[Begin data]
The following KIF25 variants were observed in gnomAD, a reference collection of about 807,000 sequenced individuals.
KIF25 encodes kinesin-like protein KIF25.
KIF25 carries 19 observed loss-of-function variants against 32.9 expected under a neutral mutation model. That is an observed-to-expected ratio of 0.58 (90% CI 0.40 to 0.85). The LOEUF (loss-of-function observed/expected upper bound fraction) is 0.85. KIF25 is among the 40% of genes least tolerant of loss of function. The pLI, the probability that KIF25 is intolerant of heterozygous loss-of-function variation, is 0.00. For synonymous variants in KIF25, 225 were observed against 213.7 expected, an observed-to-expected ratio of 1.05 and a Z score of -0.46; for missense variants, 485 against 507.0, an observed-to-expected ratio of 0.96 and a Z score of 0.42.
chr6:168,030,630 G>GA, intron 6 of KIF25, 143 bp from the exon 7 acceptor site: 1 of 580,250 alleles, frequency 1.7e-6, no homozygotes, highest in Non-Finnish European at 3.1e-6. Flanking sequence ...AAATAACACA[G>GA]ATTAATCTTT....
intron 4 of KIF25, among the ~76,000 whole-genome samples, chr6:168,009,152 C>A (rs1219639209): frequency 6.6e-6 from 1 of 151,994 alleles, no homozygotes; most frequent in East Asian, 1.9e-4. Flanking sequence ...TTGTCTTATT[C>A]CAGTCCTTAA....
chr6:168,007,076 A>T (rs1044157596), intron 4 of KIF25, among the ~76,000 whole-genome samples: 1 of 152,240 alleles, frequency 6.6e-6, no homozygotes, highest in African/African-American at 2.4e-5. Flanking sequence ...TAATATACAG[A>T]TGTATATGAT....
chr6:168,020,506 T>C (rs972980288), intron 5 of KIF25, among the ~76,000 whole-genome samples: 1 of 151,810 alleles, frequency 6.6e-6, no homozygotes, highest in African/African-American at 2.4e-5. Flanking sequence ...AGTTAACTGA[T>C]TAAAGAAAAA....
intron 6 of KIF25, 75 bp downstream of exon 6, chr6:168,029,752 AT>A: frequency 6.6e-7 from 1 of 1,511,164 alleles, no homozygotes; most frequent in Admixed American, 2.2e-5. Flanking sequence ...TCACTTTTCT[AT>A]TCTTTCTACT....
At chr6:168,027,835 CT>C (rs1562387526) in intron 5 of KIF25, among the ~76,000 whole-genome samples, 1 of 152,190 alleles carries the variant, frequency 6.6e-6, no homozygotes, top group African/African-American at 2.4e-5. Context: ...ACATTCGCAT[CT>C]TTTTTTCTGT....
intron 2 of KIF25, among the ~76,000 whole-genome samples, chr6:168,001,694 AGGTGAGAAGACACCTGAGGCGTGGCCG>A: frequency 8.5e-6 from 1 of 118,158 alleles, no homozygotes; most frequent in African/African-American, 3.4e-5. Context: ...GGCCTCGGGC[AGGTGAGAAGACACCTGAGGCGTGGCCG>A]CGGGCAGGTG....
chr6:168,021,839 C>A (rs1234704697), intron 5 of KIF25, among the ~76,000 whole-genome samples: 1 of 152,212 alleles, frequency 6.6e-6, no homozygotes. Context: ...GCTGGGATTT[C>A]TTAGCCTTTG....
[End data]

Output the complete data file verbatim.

The following KIF25 variants were observed in gnomAD, a reference collection of about 807,000 sequenced individuals.
KIF25 encodes kinesin-like protein KIF25.
KIF25 carries 19 observed loss-of-function variants against 32.9 expected under a neutral mutation model. That is an observed-to-expected ratio of 0.58 (90% CI 0.40 to 0.85). The LOEUF (loss-of-function observed/expected upper bound fraction) is 0.85. KIF25 is among the 40% of genes least tolerant of loss of function. The pLI, the probability that KIF25 is intolerant of heterozygous loss-of-function variation, is 0.00. For synonymous variants in KIF25, 225 were observed against 213.7 expected, an observed-to-expected ratio of 1.05 and a Z score of -0.46; for missense variants, 485 against 507.0, an observed-to-expected ratio of 0.96 and a Z score of 0.42.
chr6:168,030,630 G>GA, intron 6 of KIF25, 143 bp from the exon 7 acceptor site: 1 of 580,250 alleles, frequency 1.7e-6, no homozygotes, highest in Non-Finnish European at 3.1e-6. Flanking sequence ...AAATAACACA[G>GA]ATTAATCTTT....
intron 4 of KIF25, among the ~76,000 whole-genome samples, chr6:168,009,152 C>A (rs1219639209): frequency 6.6e-6 from 1 of 151,994 alleles, no homozygotes; most frequent in East Asian, 1.9e-4. Flanking sequence ...TTGTCTTATT[C>A]CAGTCCTTAA....
chr6:168,007,076 A>T (rs1044157596), intron 4 of KIF25, among the ~76,000 whole-genome samples: 1 of 152,240 alleles, frequency 6.6e-6, no homozygotes, highest in African/African-American at 2.4e-5. Flanking sequence ...TAATATACAG[A>T]TGTATATGAT....
chr6:168,020,506 T>C (rs972980288), intron 5 of KIF25, among the ~76,000 whole-genome samples: 1 of 151,810 alleles, frequency 6.6e-6, no homozygotes, highest in African/African-American at 2.4e-5. Flanking sequence ...AGTTAACTGA[T>C]TAAAGAAAAA....
intron 6 of KIF25, 75 bp downstream of exon 6, chr6:168,029,752 AT>A: frequency 6.6e-7 from 1 of 1,511,164 alleles, no homozygotes; most frequent in Admixed American, 2.2e-5. Flanking sequence ...TCACTTTTCT[AT>A]TCTTTCTACT....
At chr6:168,027,835 CT>C (rs1562387526) in intron 5 of KIF25, among the ~76,000 whole-genome samples, 1 of 152,190 alleles carries the variant, frequency 6.6e-6, no homozygotes, top group African/African-American at 2.4e-5. Context: ...ACATTCGCAT[CT>C]TTTTTTCTGT....
intron 2 of KIF25, among the ~76,000 whole-genome samples, chr6:168,001,694 AGGTGAGAAGACACCTGAGGCGTGGCCG>A: frequency 8.5e-6 from 1 of 118,158 alleles, no homozygotes; most frequent in African/African-American, 3.4e-5. Context: ...GGCCTCGGGC[AGGTGAGAAGACACCTGAGGCGTGGCCG>A]CGGGCAGGTG....
chr6:168,021,839 C>A (rs1234704697), intron 5 of KIF25, among the ~76,000 whole-genome samples: 1 of 152,212 alleles, frequency 6.6e-6, no homozygotes. Context: ...GCTGGGATTT[C>A]TTAGCCTTTG....